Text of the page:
Learning to Meditate: From ‘Riding Herd’ to Maestro
My monkey brain is used to complete freedom. It likes to go where it wants. It’s not used to being observed, much less controlled. Or, if you’ll allow me to switch metaphors (because this is my blog, and I’m in charge here) your mind is like having ten thousand cats in a field. How could you get them all to go in the same direction? Well, at first you’d need some trained cat herders, and it might look a bit like this.
Learning to meditate is like that. It’s pretty rough at first. Your thoughts defy control. They are indifferent. They scoff at your attempts to control them.
Then with practice and persistence, you get the upper hand. You get better and better at it, until one day, it transitions from cat herding to something much more civilized.
Strings first. Then percussion. Now just the violins. Now the flutes. Louder and louder. Faster and faster. Did you note the exquisite coordination and control?
The conductor is the maestro, the master, the expert, the genius, the wizard. That’s what learning meditation will do for you. You’ll become the maestro of your brain. It’s part of the theme of this site–becoming the master, the maestro, the guru of you.
I used to think that meditation was kind of weird. I thought it was for people who were somehow lost or needed a crutch. I thought you had to learn eastern religion to do it. I thought you had to chant, or mumble, and/or burn incense. I thought it was for hippie types. I’m not interested in any of that. I’m a trained scientist. I’m fairly conservative. I’m logical and rational.
Then I started hearing more about mindfulness. I started to read more about it. I realized how much suffering comes from people trying to silence or alter their minds with drugs, amusements, or distractions. I had been missing something important. So I started doing it.
Benefits of Meditation
There are many benefits of meditation. Here are some I have experienced:
- Live more in the moment (aka mindfulness, self-awareness). You will experience more because your senses will be turned up. You will feel, see, hear, taste, and enjoy more of the day.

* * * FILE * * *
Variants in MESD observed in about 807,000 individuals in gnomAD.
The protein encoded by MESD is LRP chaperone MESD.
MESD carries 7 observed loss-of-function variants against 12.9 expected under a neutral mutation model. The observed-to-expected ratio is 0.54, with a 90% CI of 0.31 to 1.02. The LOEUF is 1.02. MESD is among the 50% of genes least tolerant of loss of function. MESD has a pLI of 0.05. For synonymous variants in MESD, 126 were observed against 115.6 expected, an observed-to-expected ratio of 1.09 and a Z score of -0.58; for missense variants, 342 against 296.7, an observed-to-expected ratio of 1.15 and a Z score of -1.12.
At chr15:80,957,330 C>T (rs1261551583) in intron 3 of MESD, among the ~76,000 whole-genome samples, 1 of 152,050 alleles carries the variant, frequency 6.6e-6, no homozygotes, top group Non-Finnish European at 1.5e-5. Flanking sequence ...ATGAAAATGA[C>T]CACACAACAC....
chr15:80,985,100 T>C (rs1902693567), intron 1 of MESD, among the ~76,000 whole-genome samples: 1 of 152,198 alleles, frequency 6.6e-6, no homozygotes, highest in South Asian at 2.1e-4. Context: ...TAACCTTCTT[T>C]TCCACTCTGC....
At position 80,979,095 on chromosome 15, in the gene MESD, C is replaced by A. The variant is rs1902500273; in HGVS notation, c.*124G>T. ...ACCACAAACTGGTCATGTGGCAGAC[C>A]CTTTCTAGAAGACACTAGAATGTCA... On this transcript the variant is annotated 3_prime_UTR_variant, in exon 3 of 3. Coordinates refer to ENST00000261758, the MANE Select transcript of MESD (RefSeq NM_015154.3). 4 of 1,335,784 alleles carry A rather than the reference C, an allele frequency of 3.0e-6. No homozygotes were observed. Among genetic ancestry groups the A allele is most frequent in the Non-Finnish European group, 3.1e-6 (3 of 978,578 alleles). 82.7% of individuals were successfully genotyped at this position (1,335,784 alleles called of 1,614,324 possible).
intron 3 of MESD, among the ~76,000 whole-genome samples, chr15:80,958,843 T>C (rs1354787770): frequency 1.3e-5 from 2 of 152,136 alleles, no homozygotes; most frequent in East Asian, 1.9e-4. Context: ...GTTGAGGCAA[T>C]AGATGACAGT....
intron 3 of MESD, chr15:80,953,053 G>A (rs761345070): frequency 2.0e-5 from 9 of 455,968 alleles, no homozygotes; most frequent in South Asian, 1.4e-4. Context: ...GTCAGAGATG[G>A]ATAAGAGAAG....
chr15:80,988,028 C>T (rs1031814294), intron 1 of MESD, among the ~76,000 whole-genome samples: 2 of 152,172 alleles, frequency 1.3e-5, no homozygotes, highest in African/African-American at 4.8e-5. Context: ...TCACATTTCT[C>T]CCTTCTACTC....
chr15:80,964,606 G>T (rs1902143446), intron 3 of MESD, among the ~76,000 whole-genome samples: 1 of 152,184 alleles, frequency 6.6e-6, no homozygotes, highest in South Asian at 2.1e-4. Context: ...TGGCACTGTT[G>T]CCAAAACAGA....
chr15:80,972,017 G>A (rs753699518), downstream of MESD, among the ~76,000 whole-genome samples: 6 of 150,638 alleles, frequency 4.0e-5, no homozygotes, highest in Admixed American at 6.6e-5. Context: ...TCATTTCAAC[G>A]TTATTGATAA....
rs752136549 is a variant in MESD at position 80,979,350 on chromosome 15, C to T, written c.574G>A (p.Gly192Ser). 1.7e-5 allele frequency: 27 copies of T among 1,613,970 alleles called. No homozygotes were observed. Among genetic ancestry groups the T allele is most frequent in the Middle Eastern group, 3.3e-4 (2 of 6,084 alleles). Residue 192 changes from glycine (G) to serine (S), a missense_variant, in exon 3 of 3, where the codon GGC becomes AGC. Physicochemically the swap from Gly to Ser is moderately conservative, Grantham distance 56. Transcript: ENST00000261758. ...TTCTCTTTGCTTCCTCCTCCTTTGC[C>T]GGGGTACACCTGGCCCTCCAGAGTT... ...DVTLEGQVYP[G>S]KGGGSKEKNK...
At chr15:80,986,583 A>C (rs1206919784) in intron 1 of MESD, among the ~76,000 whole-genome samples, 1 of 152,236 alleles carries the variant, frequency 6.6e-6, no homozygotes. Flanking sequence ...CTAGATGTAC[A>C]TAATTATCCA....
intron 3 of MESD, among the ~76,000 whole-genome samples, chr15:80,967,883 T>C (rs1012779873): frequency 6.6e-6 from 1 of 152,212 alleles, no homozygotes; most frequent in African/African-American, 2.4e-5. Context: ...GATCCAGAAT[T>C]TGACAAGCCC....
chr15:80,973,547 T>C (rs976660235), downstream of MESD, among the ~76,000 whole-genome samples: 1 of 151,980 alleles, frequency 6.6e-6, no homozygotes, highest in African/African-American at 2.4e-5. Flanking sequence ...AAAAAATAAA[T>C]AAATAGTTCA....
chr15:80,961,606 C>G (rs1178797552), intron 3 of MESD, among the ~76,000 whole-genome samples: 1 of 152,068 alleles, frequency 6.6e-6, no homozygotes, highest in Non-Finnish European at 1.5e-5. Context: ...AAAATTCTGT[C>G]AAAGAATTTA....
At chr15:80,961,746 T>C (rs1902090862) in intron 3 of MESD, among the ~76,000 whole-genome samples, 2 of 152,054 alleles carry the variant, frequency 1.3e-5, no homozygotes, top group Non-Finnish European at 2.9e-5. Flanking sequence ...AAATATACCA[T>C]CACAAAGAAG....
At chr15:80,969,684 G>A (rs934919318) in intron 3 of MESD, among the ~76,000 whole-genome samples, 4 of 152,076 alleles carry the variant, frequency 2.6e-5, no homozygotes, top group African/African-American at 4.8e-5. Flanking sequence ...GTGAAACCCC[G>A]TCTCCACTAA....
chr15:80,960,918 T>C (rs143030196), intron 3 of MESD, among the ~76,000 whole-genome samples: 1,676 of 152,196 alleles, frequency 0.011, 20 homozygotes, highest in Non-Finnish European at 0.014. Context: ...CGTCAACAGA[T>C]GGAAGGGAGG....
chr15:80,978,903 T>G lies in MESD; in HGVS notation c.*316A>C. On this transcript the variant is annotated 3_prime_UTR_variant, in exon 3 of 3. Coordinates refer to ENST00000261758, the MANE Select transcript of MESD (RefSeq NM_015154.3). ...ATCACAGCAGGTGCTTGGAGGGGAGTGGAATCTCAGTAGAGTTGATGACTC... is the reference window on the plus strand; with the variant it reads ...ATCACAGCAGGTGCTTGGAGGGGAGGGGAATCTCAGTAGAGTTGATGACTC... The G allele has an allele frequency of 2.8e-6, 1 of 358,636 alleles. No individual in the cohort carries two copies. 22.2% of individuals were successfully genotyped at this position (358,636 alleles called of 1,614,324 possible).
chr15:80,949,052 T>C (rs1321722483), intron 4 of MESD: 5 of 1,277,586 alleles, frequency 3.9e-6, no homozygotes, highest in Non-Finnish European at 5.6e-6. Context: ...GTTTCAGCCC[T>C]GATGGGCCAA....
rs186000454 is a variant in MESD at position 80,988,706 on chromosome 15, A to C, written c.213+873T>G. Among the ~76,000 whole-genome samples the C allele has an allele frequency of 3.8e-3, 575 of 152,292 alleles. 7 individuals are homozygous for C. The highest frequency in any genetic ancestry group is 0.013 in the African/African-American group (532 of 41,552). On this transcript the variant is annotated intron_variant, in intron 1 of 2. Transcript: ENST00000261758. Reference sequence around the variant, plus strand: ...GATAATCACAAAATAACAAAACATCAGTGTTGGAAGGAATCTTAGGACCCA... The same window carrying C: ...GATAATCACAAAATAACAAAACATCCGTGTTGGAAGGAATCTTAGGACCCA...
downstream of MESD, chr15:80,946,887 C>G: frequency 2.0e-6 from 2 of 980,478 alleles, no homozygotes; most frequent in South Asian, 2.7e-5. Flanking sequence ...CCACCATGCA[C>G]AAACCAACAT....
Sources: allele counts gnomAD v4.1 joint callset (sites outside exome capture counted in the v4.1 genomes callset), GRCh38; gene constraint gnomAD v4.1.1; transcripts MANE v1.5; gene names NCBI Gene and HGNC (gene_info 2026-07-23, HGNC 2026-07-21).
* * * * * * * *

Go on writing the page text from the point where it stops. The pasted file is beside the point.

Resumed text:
- Feel more gratitude. You will build in practices that remind you of what is good about your life. Gratitude promotes contentment and extinguishes anger. You can’t feel grateful and angry at the same time.
- Become less reactive. You will learn to manage anxiety and intrusive thoughts. You will start to feel more conscious space between stimulus and response.
- Build resilience. You will establish strong, positive thought patterns to replace old, negative ones.
- Feel more empowered. You will feel a growing sense of confidence that you can create your own mental state and that you are master of your fate and captain of your soul.
At times the mind can seem like a wild monkey–unpredictable and capricious. Our thoughts jump from topic to topic, inevitably focusing on the past or future, but rarely allowing us to fully experience the present. Recent research has shown that this mind wandering reduces our happiness. An insightful comment from the Buddha captures the risk we take in not learning to control the mind:
Whatever an enemy might do to an enemy, or a foe to a foe, the ill-directed mind can do to you even worse.
Most of us have not taken the time to observe the operation of our minds. While we are mostly aware of the content of our minds, we have little awareness of how our minds function. Meditation and mindfulness is a practice that will teach you both to become more aware of your mind as well as learn to control its processes.
Call to Action
- Decide you want to improve your control of your mind
- Sign up for my email list to receive my free meditation guide
- Add meditation to your morning routine at least 5 days/week
Want to be happier? Stay in the moment. Matt Killingsworth shares his research on the TED stage.
10% Happier: How I Tamed the Voice in My Head, Reduced Stress Without Losing My Edge, and Found Self-Help That Actually Works–A True Story by Dan Harris